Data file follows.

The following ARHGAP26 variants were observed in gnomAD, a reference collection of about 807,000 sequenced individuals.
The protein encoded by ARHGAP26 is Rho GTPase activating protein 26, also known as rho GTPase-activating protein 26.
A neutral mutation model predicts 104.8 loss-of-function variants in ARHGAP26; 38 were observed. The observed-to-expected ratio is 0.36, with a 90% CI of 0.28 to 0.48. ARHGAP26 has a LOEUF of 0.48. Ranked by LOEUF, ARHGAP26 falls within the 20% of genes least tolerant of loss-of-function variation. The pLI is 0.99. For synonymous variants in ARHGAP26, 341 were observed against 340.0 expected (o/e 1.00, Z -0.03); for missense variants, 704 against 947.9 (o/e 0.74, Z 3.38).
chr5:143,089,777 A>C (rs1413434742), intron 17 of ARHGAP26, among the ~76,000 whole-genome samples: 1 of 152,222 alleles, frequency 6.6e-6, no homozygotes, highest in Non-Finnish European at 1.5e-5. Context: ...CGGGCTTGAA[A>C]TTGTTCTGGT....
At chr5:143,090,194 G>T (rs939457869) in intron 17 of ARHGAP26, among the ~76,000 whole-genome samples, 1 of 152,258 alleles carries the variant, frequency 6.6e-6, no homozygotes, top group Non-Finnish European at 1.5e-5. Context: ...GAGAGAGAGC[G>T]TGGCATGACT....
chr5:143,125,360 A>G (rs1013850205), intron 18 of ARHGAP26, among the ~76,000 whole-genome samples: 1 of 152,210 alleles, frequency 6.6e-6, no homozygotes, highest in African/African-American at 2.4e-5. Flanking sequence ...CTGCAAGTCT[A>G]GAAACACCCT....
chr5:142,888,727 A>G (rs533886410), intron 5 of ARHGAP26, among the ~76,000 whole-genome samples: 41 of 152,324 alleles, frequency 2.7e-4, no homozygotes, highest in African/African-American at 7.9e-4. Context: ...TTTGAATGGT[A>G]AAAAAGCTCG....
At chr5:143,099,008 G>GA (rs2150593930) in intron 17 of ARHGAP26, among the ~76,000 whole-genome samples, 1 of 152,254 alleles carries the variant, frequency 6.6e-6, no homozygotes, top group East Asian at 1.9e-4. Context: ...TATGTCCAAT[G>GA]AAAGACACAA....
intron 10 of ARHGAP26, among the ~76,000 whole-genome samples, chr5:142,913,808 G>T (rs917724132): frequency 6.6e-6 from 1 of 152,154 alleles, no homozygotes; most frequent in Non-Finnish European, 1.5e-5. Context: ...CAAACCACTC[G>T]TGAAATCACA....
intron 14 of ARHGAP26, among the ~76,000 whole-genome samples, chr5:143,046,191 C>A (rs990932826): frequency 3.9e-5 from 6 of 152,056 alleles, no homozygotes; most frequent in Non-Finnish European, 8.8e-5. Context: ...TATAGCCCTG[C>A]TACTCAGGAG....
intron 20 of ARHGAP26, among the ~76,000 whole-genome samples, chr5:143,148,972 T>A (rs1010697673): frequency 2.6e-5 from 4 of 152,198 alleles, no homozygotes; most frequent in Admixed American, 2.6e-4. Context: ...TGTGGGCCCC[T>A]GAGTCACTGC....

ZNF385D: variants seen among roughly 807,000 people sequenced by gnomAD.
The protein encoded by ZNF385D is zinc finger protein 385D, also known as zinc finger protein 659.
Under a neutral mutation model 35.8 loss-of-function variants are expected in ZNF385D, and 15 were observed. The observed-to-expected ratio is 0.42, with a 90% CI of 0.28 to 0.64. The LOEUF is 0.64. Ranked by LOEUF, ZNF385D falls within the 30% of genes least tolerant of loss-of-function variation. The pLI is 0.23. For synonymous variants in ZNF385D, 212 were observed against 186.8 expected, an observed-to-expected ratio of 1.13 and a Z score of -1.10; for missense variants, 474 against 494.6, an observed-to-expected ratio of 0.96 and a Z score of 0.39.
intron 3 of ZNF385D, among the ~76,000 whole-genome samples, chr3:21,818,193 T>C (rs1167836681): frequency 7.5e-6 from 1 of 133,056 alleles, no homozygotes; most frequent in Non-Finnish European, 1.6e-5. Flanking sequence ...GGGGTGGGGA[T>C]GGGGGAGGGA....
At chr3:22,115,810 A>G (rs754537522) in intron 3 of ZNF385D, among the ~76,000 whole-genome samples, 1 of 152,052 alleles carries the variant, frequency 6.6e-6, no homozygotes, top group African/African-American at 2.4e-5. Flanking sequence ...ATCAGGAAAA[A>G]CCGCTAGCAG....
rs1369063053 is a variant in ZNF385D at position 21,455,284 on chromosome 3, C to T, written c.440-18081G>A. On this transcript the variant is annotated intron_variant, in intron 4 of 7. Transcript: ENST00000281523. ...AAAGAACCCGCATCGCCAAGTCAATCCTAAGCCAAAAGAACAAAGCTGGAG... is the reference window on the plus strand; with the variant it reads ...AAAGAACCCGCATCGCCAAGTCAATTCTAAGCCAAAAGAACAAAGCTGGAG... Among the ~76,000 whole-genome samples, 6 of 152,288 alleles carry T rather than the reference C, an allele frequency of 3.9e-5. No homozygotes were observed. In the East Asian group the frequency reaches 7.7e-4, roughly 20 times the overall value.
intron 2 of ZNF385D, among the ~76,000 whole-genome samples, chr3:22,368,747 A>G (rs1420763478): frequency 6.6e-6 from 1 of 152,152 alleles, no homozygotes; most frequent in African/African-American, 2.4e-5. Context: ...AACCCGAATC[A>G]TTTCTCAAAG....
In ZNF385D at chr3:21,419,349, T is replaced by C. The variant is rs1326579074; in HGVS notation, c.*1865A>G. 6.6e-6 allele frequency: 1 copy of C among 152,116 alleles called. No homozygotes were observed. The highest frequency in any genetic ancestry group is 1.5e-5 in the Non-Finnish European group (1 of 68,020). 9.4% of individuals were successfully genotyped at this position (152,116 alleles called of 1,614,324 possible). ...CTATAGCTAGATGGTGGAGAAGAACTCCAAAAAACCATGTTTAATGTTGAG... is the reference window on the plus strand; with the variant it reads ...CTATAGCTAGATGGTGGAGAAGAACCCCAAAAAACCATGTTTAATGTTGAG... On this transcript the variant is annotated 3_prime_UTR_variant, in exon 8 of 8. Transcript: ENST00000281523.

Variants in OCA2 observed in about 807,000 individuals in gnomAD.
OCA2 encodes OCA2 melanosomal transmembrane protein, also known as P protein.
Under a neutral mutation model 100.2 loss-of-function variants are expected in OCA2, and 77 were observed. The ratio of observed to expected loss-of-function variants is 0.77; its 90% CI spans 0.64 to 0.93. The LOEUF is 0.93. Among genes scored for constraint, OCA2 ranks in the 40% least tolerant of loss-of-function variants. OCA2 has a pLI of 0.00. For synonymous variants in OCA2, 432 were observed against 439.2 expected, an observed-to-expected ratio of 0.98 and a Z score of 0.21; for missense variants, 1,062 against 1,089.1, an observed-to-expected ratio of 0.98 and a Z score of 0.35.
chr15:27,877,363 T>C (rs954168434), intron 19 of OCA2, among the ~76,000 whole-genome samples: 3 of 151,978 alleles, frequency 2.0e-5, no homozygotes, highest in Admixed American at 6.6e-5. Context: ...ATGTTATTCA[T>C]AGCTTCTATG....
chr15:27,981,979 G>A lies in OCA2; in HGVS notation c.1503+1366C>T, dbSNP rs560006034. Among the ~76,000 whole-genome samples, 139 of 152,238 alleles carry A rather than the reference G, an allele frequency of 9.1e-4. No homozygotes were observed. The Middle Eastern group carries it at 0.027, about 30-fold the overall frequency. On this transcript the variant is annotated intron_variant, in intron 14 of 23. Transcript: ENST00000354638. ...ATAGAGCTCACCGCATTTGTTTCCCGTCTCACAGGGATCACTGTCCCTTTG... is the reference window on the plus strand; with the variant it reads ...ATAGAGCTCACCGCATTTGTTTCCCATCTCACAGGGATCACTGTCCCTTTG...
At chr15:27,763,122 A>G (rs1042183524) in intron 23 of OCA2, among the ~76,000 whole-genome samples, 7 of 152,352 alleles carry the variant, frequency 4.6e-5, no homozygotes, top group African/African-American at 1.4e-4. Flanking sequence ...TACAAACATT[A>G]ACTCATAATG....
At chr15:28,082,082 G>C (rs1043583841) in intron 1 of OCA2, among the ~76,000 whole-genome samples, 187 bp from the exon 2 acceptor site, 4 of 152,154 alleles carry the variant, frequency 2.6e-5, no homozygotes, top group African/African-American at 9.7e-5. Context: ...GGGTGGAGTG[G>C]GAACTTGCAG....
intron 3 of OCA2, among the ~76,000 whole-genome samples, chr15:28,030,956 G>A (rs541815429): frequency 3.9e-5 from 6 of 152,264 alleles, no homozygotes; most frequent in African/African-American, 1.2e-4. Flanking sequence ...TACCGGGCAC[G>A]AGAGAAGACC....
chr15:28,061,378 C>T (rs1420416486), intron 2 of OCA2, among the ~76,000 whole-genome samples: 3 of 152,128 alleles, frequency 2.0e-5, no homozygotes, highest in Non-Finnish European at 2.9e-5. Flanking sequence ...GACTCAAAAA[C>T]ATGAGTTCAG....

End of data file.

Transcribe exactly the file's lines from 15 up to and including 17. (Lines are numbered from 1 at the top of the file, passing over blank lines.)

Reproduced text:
intron 3 of ZNF385D, among the ~76,000 whole-genome samples, chr3:21,818,193 T>C (rs1167836681): frequency 7.5e-6 from 1 of 133,056 alleles, no homozygotes; most frequent in Non-Finnish European, 1.6e-5. Flanking sequence ...GGGGTGGGGA[T>C]GGGGGAGGGA....
At chr3:22,115,810 A>G (rs754537522) in intron 3 of ZNF385D, among the ~76,000 whole-genome samples, 1 of 152,052 alleles carries the variant, frequency 6.6e-6, no homozygotes, top group African/African-American at 2.4e-5. Flanking sequence ...ATCAGGAAAA[A>G]CCGCTAGCAG....
rs1369063053 is a variant in ZNF385D at position 21,455,284 on chromosome 3, C to T, written c.440-18081G>A. On this transcript the variant is annotated intron_variant, in intron 4 of 7. Transcript: ENST00000281523. ...AAAGAACCCGCATCGCCAAGTCAATCCTAAGCCAAAAGAACAAAGCTGGAG... is the reference window on the plus strand; with the variant it reads ...AAAGAACCCGCATCGCCAAGTCAATTCTAAGCCAAAAGAACAAAGCTGGAG... Among the ~76,000 whole-genome samples, 6 of 152,288 alleles carry T rather than the reference C, an allele frequency of 3.9e-5. No homozygotes were observed. In the East Asian group the frequency reaches 7.7e-4, roughly 20 times the overall value.